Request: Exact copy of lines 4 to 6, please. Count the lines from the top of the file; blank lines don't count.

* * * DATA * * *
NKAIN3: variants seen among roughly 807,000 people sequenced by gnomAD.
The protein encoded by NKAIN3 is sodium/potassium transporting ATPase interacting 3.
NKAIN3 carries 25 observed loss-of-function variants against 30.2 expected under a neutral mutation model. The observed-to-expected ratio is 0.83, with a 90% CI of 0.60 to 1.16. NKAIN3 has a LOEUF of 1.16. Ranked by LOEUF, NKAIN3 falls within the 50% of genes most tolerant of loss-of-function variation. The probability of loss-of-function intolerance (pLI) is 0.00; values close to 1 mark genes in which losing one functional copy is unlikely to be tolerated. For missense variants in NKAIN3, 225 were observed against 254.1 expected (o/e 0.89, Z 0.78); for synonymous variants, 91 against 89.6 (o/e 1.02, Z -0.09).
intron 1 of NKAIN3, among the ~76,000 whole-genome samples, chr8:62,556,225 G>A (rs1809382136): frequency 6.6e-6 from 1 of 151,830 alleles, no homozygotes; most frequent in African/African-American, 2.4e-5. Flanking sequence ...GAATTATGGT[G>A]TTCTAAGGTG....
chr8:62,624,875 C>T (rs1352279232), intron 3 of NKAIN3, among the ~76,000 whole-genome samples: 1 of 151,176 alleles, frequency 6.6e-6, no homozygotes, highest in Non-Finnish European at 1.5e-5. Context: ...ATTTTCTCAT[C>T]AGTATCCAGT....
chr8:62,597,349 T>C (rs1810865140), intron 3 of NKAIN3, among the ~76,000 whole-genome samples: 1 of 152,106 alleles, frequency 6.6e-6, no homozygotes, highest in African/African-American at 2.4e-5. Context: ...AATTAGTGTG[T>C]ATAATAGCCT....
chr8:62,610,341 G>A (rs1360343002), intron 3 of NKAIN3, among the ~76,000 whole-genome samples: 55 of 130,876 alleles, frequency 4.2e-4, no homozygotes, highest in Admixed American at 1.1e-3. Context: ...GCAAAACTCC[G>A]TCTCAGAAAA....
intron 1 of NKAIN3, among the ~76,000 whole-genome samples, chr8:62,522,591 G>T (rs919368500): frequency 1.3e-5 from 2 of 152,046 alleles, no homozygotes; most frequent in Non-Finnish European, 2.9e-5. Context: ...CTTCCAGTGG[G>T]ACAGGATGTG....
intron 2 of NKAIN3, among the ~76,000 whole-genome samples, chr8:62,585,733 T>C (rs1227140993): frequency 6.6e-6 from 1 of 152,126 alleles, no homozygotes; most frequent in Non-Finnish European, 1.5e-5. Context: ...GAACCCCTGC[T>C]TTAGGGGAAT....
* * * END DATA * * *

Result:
intron 1 of NKAIN3, among the ~76,000 whole-genome samples, chr8:62,556,225 G>A (rs1809382136): frequency 6.6e-6 from 1 of 151,830 alleles, no homozygotes; most frequent in African/African-American, 2.4e-5. Flanking sequence ...GAATTATGGT[G>A]TTCTAAGGTG....
chr8:62,624,875 C>T (rs1352279232), intron 3 of NKAIN3, among the ~76,000 whole-genome samples: 1 of 151,176 alleles, frequency 6.6e-6, no homozygotes, highest in Non-Finnish European at 1.5e-5. Context: ...ATTTTCTCAT[C>T]AGTATCCAGT....
chr8:62,597,349 T>C (rs1810865140), intron 3 of NKAIN3, among the ~76,000 whole-genome samples: 1 of 152,106 alleles, frequency 6.6e-6, no homozygotes, highest in African/African-American at 2.4e-5. Context: ...AATTAGTGTG[T>C]ATAATAGCCT....